SOL March 17th Not A Good Housekeeper

I grew up in a house full of stuff; mostly print material that morphed into sturdy stacks positioned conveniently (or inconveniently, depending on your perspective) between chair and recliner, couch and stereo. The living room had a reddish, burnt orange colored carpeting with a peculiar pattern that made for bumpy vacuuming. I was accustomed to dust. As a family we had a fairly high dust threshold.

My mother was not particularly pressed about household appearances. We had friends and family over after church all the time. If folks had to move a stack of newspapers from couch to floor, it was no biggie. When we did clear things out a bit, the term used was “straighten up,” not “clean.” That distinction was never lost on me.

My father was a carpenter and had fashioned the cabinets and the round table in the kitchen with his own hands, I found out later. He built the structures; my mother filled and covered them. That seemed to be the agreement. Neither of them ever seemed particularly concerned about creating a particular impression with our household. My mother often joked about how “lived in” our house was. The kitchen table was usually covered with stuff – mail, dishes, cereal and other boxes  – and yet I remember that we often ate there as a family of four. We moved junk from the table onto the extra chair, said grace and ate before “Hogan’s Heroes” came on at 7:30, my dad’s favorite show.

All this to say that I did not come from a family of ardent housekeepers. No, I hail from homeowners whose aim was to live comfortably on their own terms. We did not have specific rituals of cleaning or clearing; merely impulses – sometimes holiday-driven or special-guest related – which drove us to sweep more thoroughly, to wipe down the stairs a second time, to run the vacuum all the way back into that hard-to-reach corner. I have seen and visited remarkably well appointed homes that fit the description ‘spic-and-span’. I have marveled at these temples of cleanliness both as a child and as an adult, knowing that these were not realities that I would ever think to pursue for myself. I’m often weak just imagining the time commitment!

At any rate, here I am in middle age fully cognizant that my dust tolerance has hardly shifted since childhood. I am not the pack rat my mother was but I am her child when it comes to keeping house in that loose and open-ended way. Perhaps to the chagrin of my partner. But I’d rather be writing, reading, creating, thinking. Which is what I do while the dust congregates in the corners.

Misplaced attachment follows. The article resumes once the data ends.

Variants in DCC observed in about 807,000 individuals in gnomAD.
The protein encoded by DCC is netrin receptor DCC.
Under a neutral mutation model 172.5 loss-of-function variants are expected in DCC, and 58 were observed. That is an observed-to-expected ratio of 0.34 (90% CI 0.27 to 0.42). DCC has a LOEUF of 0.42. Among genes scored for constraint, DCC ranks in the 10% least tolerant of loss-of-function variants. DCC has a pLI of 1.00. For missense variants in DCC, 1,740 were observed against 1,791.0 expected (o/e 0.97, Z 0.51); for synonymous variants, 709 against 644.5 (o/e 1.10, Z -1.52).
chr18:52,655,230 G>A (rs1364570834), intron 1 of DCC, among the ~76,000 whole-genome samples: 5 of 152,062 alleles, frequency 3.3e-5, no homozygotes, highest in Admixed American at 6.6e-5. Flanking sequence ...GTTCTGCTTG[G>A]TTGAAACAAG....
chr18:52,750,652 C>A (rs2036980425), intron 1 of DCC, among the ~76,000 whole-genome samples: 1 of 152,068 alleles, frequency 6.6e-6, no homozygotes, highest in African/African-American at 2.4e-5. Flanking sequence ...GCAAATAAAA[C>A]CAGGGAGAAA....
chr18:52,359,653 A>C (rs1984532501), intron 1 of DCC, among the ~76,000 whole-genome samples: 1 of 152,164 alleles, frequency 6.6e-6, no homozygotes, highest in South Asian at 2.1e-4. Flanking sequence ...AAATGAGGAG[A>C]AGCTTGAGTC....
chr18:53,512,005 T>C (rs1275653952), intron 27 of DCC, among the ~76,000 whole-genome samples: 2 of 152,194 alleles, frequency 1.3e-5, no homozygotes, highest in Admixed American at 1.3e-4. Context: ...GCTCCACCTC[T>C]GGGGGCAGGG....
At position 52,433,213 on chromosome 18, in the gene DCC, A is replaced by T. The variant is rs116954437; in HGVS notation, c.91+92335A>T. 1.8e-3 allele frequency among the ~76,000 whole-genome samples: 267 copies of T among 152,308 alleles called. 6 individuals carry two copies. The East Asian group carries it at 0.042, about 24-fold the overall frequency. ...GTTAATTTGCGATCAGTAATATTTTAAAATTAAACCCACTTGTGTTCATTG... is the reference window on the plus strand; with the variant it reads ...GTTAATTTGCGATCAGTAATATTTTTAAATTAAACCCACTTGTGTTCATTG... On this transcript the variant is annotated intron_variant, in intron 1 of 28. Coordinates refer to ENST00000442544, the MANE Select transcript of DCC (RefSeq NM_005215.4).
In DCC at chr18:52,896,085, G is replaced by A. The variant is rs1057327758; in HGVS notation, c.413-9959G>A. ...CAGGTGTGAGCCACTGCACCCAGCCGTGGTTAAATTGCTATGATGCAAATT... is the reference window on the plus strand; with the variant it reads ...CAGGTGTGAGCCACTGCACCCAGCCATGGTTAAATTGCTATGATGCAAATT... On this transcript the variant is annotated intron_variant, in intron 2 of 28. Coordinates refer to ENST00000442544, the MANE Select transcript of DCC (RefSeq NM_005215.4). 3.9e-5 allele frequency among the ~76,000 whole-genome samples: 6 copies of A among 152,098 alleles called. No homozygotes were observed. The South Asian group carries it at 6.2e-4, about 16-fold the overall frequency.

8 thoughts on “SOL March 17th Not A Good Housekeeper

  1. This sums my life up perfectly. That was also how I grew up, and when I look around my house, that’s pretty much how we live now. I have gotten better at keeping things picked up, but clean? I share your awe of “spic and span” houses knowing that it’s not my current reality.

    I’d love to picture myself as someone who can keep such a clean home, but alas…that’s not my current reality either.

    Here’s to ignoring the dust bunnies in the corner and enjoying a creative pursuit or two!

    Liked by 1 person

  2. I hear you 100% I keep my kitchen neat, and over all I am an organized person. But I have been known to take a big deep breath and blow that dust off those delicate figurines rather than the laborious “correct” way to dust them! Hahaha! I also have way too many other things I would rather do! Thanks for this post.

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  3. I liked reading your domestic slice. My mom’s home is always impeccably clean. My tolerance for dust is much higher than my moms. And my teenager seems to be completely oblivious to mess and dust around her.

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  4. Well said. I have never been germaphobic or a neatnik. Things get cleaned over time. But, boy oh boy, do I have a ritual with the bleach wipes right now — round the doorknobs, light switches, and other places we touch regularly. I don’t want my immuno-suppressed mom who lives with me to have to battle the virus. It feels weird, but I do it. 🙂

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  5. I grew up the opposite. We didn’t use rooms in our house because we might make footprints on the carpet. It was more of a museum than a lived in space. I feel like I’ve settled somewhere in between, like you. But I am my mother’s daughter and I have to catch myself sometimes… great slice. I pictured your childhood home, especially the situating to sit at the table for dinner.

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  6. My grandmother was an incredibly thorough housekeeper; my mother and yours would probably have gotten along. I chortled when you wrote “As a family we had a fairly high dust threshold.” Oh yes. I still have a reasonably high dust threshold – and I long ago decided that I would rather have friends over to a messy house than no friends over to a clean one. When we’re not renovating (a state which currently seems unattainable), I like to think of my house as “comfortable” – no one would say “spic-n-span” – so I loved your description here.

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